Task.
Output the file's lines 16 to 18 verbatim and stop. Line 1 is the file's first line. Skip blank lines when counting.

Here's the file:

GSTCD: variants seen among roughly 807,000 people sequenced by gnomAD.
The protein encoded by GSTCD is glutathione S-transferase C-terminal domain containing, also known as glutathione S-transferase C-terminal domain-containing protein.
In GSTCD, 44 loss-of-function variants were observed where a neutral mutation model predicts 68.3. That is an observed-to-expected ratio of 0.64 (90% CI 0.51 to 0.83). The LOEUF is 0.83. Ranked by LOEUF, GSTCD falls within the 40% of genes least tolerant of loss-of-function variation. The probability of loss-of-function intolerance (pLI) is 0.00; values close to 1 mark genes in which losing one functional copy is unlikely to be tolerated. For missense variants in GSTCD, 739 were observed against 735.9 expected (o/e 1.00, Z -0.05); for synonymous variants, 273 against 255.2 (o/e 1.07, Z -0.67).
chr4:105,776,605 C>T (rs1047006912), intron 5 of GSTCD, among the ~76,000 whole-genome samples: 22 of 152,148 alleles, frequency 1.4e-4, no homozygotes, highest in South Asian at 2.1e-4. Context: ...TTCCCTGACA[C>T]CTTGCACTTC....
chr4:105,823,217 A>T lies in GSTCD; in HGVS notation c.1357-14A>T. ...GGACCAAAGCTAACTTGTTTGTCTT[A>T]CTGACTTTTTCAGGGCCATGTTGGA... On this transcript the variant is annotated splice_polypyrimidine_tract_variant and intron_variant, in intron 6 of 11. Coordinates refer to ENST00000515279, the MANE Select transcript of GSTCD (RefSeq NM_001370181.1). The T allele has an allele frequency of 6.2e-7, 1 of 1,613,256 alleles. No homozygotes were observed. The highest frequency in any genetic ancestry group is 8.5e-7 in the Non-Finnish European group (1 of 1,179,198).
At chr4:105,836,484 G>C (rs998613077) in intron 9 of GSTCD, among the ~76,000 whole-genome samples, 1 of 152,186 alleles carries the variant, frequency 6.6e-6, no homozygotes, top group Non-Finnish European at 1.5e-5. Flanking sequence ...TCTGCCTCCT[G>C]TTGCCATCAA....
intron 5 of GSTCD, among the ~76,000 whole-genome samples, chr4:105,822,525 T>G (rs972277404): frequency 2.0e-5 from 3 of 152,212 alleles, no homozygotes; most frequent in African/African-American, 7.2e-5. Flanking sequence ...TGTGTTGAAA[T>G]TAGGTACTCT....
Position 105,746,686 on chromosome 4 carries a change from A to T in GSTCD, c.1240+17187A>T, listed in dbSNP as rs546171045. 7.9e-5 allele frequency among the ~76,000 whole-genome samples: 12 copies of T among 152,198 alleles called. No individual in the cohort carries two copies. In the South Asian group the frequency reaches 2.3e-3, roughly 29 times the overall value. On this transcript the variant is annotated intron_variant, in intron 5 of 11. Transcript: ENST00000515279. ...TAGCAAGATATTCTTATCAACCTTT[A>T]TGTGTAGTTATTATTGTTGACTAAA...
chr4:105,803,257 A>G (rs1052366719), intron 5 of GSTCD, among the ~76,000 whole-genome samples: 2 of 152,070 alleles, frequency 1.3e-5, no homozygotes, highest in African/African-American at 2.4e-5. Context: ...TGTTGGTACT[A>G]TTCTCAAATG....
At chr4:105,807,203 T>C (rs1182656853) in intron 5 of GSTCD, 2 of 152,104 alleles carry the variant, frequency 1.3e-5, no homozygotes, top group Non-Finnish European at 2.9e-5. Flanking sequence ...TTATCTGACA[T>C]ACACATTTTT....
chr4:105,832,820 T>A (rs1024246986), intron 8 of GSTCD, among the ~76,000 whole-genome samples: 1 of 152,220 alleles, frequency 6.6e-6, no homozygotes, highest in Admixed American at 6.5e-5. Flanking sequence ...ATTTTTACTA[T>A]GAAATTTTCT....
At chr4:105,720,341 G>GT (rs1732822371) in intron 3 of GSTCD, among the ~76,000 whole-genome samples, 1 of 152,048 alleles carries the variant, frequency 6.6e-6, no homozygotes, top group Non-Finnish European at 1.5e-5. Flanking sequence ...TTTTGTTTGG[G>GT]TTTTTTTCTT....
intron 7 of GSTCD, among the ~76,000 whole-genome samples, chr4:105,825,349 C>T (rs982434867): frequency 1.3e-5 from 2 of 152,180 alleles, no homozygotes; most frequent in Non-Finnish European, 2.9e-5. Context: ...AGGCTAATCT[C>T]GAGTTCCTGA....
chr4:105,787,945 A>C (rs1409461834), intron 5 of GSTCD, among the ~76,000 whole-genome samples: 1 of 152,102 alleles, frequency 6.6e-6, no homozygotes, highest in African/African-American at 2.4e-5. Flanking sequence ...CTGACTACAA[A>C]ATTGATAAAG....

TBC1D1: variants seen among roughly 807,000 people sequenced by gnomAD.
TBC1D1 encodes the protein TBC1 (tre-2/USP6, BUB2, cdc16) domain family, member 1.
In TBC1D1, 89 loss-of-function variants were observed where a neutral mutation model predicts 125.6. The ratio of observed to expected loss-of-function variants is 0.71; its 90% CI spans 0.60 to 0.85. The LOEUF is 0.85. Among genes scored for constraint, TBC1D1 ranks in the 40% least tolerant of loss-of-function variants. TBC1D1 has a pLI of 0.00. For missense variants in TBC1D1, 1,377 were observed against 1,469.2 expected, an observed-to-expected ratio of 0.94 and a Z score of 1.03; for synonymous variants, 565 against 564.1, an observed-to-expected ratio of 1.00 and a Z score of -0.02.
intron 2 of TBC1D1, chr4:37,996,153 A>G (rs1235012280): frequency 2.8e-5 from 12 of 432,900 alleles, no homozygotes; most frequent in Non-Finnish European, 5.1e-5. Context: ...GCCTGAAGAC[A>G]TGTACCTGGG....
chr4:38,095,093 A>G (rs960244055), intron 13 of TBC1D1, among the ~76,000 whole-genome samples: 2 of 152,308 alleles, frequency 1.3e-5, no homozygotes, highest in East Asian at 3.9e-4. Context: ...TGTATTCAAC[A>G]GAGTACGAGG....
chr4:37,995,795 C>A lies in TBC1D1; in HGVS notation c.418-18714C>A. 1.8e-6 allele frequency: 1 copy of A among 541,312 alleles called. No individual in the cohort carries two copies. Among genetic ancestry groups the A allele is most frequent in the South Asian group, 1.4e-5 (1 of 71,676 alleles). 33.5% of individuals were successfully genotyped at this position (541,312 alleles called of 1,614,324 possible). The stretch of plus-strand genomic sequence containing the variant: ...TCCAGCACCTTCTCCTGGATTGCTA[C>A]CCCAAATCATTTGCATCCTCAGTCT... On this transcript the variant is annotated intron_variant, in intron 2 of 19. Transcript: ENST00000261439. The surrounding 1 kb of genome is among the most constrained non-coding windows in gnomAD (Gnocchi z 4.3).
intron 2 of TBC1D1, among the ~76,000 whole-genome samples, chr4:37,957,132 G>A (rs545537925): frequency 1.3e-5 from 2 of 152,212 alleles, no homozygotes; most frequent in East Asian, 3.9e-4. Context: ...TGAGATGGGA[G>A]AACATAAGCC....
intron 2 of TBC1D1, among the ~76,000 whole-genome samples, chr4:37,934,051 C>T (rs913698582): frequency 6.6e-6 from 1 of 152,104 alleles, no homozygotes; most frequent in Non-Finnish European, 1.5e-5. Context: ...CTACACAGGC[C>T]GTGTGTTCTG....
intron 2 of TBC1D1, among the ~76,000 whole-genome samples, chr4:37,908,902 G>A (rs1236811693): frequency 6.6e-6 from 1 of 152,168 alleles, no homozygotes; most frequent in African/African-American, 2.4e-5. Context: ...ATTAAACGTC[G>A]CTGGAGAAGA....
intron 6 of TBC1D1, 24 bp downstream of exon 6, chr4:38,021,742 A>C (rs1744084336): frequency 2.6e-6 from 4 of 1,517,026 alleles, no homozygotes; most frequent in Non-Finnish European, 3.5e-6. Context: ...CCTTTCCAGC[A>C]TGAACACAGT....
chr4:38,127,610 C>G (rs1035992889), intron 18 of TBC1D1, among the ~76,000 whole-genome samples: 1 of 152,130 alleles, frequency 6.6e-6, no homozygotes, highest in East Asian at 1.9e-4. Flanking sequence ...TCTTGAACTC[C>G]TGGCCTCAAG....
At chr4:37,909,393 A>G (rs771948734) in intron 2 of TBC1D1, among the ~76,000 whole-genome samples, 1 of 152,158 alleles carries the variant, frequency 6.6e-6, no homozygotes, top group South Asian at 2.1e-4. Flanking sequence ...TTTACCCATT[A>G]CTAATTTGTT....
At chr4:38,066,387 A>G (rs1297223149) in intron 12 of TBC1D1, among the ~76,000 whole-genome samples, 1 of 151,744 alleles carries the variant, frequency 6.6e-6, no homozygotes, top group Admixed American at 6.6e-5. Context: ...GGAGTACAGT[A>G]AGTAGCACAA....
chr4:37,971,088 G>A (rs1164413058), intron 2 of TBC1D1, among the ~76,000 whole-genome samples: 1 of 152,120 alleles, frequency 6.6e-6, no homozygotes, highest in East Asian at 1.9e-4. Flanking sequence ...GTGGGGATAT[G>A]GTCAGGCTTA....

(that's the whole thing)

TBC1D1 encodes the protein TBC1 (tre-2/USP6, BUB2, cdc16) domain family, member 1.
In TBC1D1, 89 loss-of-function variants were observed where a neutral mutation model predicts 125.6. The ratio of observed to expected loss-of-function variants is 0.71; its 90% CI spans 0.60 to 0.85. The LOEUF is 0.85. Among genes scored for constraint, TBC1D1 ranks in the 40% least tolerant of loss-of-function variants. TBC1D1 has a pLI of 0.00. For missense variants in TBC1D1, 1,377 were observed against 1,469.2 expected, an observed-to-expected ratio of 0.94 and a Z score of 1.03; for synonymous variants, 565 against 564.1, an observed-to-expected ratio of 1.00 and a Z score of -0.02.
intron 2 of TBC1D1, chr4:37,996,153 A>G (rs1235012280): frequency 2.8e-5 from 12 of 432,900 alleles, no homozygotes; most frequent in Non-Finnish European, 5.1e-5. Context: ...GCCTGAAGAC[A>G]TGTACCTGGG....